Fara Gold, J.D. ’03, has seeming limitless perseverance. The 2003 Miami Law graduate spent three years in pursuit of a job as a prosecutor in the Civil Rights Division of the United States Department of Justice in Washington, D.C.
Gold went on more than a dozen interviews for federal prosecutor positions across the country and received an equal number of polite rejection letters, including one from the office where she now works. Like the Watty Piper book, The Little Engine That Could, Gold never gave up.
Perseverance was the message Gold, a former Miami Scholar, brought to the graduating students at the 2015 University of Miami School of Law Honors Ceremony at Gusman Hall on Friday, May 8th.
“If at first you don’t succeed, and you think it’s because you didn’t go to one of those schools covered with ivy, or because you had a supervisor who thought it easier to put you down rather than build you up, or because it turns out you just don’t like the kind of law you are practicing, just keep on trying and keep on after that,” Gold said. “I wish someone had told me when I was sitting where you are — perseverance really works.”
Just twelve years out of Miami Law, Gold served as the lead line prosecutor from the Civil Rights Division in the 2014 investigation of the shooting death of 18-year-old Michael Brown in Ferguson, Missouri. The magna cum laude Miami Law graduate also brought the first case tried under the Matthew Shepard and James L. Byrd, Jr., Hate Crimes Prevention Act of 2009. Charged were three Farmington, New Mexico men who branded a swastika on a mentally disabled 22-year-old Navajo man using a hot metal coat hanger.
Gold said she “was one of those rare people who knew that I wanted to go to law school by the time I was a sophomore in college. In fact, I specifically want to be a prosecutor and help victims of crime.” She said her clinical placement at the Miami Dade Office of the State Attorney reinforced her desire to become a prosecutor. Her work within the local legal community and outreach projects kept her grounded and well-rounded, reminding her why she pursued law school and Miami Law: public interest and public service.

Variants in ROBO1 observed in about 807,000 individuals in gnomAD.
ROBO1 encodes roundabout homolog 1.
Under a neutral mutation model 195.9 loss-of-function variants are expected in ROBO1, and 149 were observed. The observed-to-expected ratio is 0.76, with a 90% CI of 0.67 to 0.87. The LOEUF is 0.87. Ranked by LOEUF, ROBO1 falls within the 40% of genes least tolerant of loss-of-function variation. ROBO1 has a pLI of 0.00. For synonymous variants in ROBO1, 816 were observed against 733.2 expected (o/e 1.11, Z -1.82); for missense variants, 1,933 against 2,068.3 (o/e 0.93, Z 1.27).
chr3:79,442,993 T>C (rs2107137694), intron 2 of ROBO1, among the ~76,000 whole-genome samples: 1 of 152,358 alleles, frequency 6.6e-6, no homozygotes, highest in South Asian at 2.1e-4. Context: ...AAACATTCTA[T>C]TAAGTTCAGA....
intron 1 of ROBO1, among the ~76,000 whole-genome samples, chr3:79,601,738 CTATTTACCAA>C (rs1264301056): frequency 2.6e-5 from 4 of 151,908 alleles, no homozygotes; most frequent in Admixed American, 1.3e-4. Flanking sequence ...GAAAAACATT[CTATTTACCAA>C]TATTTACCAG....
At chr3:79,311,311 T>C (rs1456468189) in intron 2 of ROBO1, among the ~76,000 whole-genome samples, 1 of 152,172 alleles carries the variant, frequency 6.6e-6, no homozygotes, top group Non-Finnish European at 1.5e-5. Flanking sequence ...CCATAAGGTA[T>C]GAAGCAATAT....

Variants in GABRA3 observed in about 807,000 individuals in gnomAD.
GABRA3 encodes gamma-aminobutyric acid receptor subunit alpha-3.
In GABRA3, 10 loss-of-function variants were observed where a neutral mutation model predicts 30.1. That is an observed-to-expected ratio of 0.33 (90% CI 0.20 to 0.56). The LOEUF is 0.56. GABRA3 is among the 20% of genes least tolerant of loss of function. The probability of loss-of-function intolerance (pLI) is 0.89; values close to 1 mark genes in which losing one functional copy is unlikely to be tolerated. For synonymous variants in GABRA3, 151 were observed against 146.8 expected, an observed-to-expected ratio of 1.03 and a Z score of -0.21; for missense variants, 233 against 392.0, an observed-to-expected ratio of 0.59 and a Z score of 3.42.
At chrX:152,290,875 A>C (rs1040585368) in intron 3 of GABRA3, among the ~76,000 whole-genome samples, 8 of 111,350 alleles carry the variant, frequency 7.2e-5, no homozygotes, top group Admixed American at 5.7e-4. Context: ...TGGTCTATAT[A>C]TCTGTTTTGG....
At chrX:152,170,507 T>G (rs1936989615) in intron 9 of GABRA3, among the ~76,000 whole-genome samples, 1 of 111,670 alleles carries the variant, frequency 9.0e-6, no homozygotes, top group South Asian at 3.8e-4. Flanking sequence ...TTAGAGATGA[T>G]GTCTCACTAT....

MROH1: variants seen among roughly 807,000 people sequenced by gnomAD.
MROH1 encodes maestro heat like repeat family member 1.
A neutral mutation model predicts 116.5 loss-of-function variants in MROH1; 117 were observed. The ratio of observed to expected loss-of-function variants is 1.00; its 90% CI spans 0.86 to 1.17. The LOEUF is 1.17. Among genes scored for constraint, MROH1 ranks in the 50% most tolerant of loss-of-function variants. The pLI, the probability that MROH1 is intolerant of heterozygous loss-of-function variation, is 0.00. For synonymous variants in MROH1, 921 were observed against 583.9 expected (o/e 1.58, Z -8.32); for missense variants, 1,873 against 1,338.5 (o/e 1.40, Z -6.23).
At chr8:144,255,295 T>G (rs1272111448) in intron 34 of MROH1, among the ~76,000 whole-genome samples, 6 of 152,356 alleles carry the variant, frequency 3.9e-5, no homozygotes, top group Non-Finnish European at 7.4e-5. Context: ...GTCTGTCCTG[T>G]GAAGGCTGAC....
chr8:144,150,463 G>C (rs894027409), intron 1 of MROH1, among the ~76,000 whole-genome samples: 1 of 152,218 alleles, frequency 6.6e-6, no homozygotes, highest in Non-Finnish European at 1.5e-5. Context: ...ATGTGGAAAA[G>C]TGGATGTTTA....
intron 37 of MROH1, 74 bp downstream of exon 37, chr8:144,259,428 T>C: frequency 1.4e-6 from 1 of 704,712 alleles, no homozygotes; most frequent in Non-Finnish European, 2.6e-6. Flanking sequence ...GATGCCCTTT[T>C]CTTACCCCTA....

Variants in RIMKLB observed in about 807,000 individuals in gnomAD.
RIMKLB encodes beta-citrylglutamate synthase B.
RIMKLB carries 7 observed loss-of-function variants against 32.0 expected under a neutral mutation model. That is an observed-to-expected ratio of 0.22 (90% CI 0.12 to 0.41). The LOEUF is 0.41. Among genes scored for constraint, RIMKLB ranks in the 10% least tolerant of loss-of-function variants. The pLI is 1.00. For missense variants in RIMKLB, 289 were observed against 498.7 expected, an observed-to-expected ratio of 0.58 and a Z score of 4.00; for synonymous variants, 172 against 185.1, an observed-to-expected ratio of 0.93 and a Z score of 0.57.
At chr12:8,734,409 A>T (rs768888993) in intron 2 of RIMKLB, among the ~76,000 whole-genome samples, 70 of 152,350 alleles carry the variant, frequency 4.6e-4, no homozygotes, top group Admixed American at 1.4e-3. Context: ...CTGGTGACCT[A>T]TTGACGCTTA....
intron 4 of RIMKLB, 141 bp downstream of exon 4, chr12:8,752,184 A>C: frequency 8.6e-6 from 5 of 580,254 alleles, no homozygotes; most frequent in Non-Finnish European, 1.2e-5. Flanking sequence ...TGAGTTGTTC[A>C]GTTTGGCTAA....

In 2012, Gold was awarded the Attorney General’s Award for Outstanding Contributions by New Employee, and the Assistant Attorney General’s Special Commendation for Outstanding Service to the Civil Rights Division in 2011 and 2014.
Gold also is an assistant adjunct professor at American University Washington College of Law. Prior to joining the DOJ, she was an assistant state attorney prosecuting sex crimes and child abuse cases for the Office of the State Attorney, 17th Judicial Circuit, Broward County, Florida.
A graduate of Emory University, Gold served on the Honors Council at Miami Law as well as the Society of Bar and Gavel, president of Miami Law Women, and the executive board of the Charles C. Papy, Jr. Moot Court Board. She wrote for the International and Comparative Law Review, was a Criminal Justice Fellow with the Center for Ethics and Public Service, and a HOPE project leader. She was inducted into Iron Arrow, the University of Miami’s oldest tradition and highest honor society and received an Alumni Leadership Award from the Law Alumni Association in 2014.
Gold holds her office in the highest regard, recognizing “the extraordinary power that prosecutors have and I am proud of the work I have done both on behalf of the State of Florida and the United States to exercise that power responsibly.” She left the graduates with a piece of advice: “You only have one reputation – whether it’s helping your colleagues or being civil to your adversaries – remember that now, remember it in 12 years, remember it throughout your career.”